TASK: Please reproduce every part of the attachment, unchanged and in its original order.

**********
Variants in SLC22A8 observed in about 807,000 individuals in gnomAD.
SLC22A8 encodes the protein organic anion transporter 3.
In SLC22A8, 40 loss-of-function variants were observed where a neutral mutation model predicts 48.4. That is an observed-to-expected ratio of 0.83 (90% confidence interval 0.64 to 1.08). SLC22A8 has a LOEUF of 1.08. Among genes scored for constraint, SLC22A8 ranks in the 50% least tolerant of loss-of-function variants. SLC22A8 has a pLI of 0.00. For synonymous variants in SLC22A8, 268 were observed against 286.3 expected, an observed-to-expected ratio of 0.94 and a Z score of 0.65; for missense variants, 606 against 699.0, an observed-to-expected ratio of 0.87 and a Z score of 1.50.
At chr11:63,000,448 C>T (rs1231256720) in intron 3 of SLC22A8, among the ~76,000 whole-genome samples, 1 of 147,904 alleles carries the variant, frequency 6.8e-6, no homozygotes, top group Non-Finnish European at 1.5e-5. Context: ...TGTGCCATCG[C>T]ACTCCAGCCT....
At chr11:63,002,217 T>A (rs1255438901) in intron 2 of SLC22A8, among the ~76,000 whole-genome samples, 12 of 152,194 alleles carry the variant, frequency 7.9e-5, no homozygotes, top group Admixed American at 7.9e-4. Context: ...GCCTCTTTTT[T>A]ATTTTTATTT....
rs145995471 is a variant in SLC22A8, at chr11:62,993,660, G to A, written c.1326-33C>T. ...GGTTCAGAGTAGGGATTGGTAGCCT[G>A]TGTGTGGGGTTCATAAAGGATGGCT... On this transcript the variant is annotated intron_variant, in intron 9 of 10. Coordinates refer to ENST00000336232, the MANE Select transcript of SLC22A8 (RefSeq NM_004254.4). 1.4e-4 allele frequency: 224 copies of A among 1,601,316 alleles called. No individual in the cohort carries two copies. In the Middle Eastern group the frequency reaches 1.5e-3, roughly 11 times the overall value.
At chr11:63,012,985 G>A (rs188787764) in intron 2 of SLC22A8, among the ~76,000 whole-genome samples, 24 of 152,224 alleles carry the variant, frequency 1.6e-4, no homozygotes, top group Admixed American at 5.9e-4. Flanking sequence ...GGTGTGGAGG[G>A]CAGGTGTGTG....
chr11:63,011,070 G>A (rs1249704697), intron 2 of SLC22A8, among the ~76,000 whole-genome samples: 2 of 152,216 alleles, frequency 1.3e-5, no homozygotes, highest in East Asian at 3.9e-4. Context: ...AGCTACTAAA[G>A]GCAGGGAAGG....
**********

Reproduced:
Variants in SLC22A8 observed in about 807,000 individuals in gnomAD.
SLC22A8 encodes the protein organic anion transporter 3.
In SLC22A8, 40 loss-of-function variants were observed where a neutral mutation model predicts 48.4. That is an observed-to-expected ratio of 0.83 (90% confidence interval 0.64 to 1.08). SLC22A8 has a LOEUF of 1.08. Among genes scored for constraint, SLC22A8 ranks in the 50% least tolerant of loss-of-function variants. SLC22A8 has a pLI of 0.00. For synonymous variants in SLC22A8, 268 were observed against 286.3 expected, an observed-to-expected ratio of 0.94 and a Z score of 0.65; for missense variants, 606 against 699.0, an observed-to-expected ratio of 0.87 and a Z score of 1.50.
At chr11:63,000,448 C>T (rs1231256720) in intron 3 of SLC22A8, among the ~76,000 whole-genome samples, 1 of 147,904 alleles carries the variant, frequency 6.8e-6, no homozygotes, top group Non-Finnish European at 1.5e-5. Context: ...TGTGCCATCG[C>T]ACTCCAGCCT....
At chr11:63,002,217 T>A (rs1255438901) in intron 2 of SLC22A8, among the ~76,000 whole-genome samples, 12 of 152,194 alleles carry the variant, frequency 7.9e-5, no homozygotes, top group Admixed American at 7.9e-4. Context: ...GCCTCTTTTT[T>A]ATTTTTATTT....
rs145995471 is a variant in SLC22A8, at chr11:62,993,660, G to A, written c.1326-33C>T. ...GGTTCAGAGTAGGGATTGGTAGCCT[G>A]TGTGTGGGGTTCATAAAGGATGGCT... On this transcript the variant is annotated intron_variant, in intron 9 of 10. Coordinates refer to ENST00000336232, the MANE Select transcript of SLC22A8 (RefSeq NM_004254.4). 1.4e-4 allele frequency: 224 copies of A among 1,601,316 alleles called. No individual in the cohort carries two copies. In the Middle Eastern group the frequency reaches 1.5e-3, roughly 11 times the overall value.
At chr11:63,012,985 G>A (rs188787764) in intron 2 of SLC22A8, among the ~76,000 whole-genome samples, 24 of 152,224 alleles carry the variant, frequency 1.6e-4, no homozygotes, top group Admixed American at 5.9e-4. Flanking sequence ...GGTGTGGAGG[G>A]CAGGTGTGTG....
chr11:63,011,070 G>A (rs1249704697), intron 2 of SLC22A8, among the ~76,000 whole-genome samples: 2 of 152,216 alleles, frequency 1.3e-5, no homozygotes, highest in East Asian at 3.9e-4. Context: ...AGCTACTAAA[G>A]GCAGGGAAGG....